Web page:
Now, I’m not quite delving into the debate about whether or not cursive writing should be taught in public school, but if you are interested in spending some time on your handwriting, French ruled paper, or Seyes ruled paper, could be something to help you out.
Calligraphers also use this paper, sometimes ignoring the “rules” for standard handwriting, but using the lines to help get a consistent size – I’ve seen calligraphers using the Pilot Parallel pens with letters up to 15 or 20 lines high.
This paper looks super complicated, but if you spend some time with it, it’s actually not too complicated at all. The paper has thick lines with three thin lines in between each. These thin lines are supposed to help you keep the size and height of your letters consistent.
Seyes ruled or French ruled paper is widespread in France, and actually, I think you can find it in many countries in Europe. It’s often used by students, and I think the margin on the left (nice and wide!) is for teachers’ gentle encouragement/corrections. The vertical lines help with indentations for paragraphs or tables, as these notebooks could be used for a variety of school subjects. I’ve also read that generations of French school children used J. Herbin’s Poussiere de Lune ink, which is kind of a romantic thought! All that moondust 🙂
We have a customer who had grown up in France who comes in specifically for this Seyes ruled paper. She said since she’s come to Canada she’s been using “regular” paper, and her handwriting has been swooping all over the place uncontrollably (this is not the case, as I’ve seen her handwriting and it is perfect…ugh! The French and their eating endless varieties of cheese and never getting fat! And their perfect handwriting!!).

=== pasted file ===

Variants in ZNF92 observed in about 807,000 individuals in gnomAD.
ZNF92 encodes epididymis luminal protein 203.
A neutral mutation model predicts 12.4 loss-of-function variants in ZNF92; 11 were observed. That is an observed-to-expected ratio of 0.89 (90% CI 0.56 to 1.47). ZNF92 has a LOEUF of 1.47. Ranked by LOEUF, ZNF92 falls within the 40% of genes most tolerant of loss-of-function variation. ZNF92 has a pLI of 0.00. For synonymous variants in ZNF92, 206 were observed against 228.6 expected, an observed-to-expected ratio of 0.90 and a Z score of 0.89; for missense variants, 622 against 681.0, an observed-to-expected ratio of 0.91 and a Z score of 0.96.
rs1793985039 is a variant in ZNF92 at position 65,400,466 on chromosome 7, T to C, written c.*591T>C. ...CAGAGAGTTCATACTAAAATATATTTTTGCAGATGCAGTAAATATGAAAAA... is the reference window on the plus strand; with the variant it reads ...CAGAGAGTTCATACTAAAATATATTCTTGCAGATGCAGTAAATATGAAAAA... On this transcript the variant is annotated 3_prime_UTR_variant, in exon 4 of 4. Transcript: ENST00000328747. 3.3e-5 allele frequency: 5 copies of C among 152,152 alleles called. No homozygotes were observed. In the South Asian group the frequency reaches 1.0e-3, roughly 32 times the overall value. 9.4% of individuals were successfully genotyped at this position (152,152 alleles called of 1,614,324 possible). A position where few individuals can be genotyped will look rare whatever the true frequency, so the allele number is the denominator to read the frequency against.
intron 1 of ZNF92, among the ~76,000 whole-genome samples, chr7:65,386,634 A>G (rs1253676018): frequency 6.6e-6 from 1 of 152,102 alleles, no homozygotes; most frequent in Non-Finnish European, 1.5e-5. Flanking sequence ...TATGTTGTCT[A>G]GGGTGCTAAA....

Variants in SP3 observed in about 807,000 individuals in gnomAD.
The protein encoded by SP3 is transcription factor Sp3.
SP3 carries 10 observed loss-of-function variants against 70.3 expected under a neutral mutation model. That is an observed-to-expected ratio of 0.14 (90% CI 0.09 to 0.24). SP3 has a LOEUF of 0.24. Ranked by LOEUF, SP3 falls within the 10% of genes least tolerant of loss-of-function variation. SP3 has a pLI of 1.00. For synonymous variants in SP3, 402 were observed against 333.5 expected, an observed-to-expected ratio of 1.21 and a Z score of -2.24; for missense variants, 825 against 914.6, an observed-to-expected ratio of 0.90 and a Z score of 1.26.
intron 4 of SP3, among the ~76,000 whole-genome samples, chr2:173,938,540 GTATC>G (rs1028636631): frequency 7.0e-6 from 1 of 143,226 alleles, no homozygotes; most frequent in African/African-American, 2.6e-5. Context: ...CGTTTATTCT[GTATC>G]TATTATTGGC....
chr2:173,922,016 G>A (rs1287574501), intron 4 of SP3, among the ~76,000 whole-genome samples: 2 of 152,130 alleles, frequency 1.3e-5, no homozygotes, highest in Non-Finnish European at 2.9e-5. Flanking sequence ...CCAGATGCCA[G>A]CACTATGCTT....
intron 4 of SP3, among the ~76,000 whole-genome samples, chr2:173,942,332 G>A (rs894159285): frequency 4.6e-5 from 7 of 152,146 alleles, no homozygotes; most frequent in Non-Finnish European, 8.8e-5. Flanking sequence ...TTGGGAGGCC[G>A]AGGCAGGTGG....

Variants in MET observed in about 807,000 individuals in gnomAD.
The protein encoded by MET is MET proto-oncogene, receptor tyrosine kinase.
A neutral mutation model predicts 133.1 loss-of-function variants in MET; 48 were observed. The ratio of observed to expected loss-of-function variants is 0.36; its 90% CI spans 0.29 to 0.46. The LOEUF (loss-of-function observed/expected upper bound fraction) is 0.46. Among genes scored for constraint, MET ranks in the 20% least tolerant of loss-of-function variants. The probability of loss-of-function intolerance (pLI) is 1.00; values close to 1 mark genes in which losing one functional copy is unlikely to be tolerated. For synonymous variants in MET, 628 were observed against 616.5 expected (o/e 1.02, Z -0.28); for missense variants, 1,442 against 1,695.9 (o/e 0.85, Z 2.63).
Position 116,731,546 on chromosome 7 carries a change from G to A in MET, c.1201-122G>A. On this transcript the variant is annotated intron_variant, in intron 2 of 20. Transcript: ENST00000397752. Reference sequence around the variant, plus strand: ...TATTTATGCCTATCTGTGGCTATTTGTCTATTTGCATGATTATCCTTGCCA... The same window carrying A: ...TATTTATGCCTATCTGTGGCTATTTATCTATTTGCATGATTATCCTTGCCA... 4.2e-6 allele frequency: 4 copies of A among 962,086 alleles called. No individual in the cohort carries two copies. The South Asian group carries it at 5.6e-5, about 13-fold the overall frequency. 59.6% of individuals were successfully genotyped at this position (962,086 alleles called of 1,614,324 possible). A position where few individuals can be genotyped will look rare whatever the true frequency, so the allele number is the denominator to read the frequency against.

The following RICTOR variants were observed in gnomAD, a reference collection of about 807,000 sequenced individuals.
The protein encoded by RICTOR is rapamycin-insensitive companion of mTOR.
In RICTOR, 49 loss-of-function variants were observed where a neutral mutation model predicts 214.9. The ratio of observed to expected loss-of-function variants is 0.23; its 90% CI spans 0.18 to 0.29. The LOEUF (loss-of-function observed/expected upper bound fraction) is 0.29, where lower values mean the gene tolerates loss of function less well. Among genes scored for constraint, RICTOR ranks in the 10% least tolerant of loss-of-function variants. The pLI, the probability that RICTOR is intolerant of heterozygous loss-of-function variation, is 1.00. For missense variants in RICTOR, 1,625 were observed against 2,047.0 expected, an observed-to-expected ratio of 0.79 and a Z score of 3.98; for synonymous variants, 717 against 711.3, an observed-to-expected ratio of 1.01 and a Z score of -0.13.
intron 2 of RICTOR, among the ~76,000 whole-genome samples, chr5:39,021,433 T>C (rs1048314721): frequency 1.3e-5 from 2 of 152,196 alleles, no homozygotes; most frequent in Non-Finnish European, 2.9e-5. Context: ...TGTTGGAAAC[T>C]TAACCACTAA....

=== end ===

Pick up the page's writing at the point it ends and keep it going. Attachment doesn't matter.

There are five rules to follow:
1. Capital letters go up to the third line.
2. Lower case “bodies” – like a, c, the circle part of d or p – go up to the first line.
3. Loopy stems go up to the third line – b, f, h, k, l.
4. Non-loopy or straight stems go up to the second line – just d and t.
5. Anything that goes below the line – f, g, j, p, q, y, z – go down two lines.
Really, basically everything goes up to the third line, or the first line, except d & t. If you keep that in mind, you just have to be careful about the d & t.
A popular warm-up exercise for calligraphers and handwriting teachers is to try drawing circles of consistent size across a line. I think you’re supposed to go fast to really loosen up the muscles, but I don’t think I’m at that stage yet – I’m still at the concentrate-really-hard-and-don’t-mess-up-because-you’re-taking-a-picture-for-the-blog stage, but don’t be afraid to mess up!
If you’re just starting out, it may help to take a letter that’s troubling you and write that letter over and over again. The next step might be to try connecting two letters of different heights, like a – f – a – f – a – f to practise getting from one height to the the next.
It takes practice! It takes some practice and concentration to get all that muscle memory working, so take a trip to your local cafe, or sit out on the porch in this fresh spring weather! And then, send me a letter in your beautiful (or you know, “unique”) handwriting 🙂
We have two types of notebooks in this Seyes or French ruling – an A5, softcover staple and we just got in an A4 softcover spiral bound. These are made by Clairefontaine, so the paper is excellent for fountain pens – although the lines are quite close together, so I might recommend a fine or extra-fine nib if you’re specifically practising your handwriting.
Interesting side note! When I was in college I spent some time teaching in Madagascar, an island country off the east coast of Africa. Madagascar was previously a French colony, and like Canada, they still have much of the vestiges of French language and culture around.
When I was there, a young stationery aficionado wandering around, I discovered Seyes ruled notebooks. Having never encountered them before at that time, I stocked up on a few, and I still have one left today!
The paper quality, however, is no Clairefontaine (and that’s being generous…).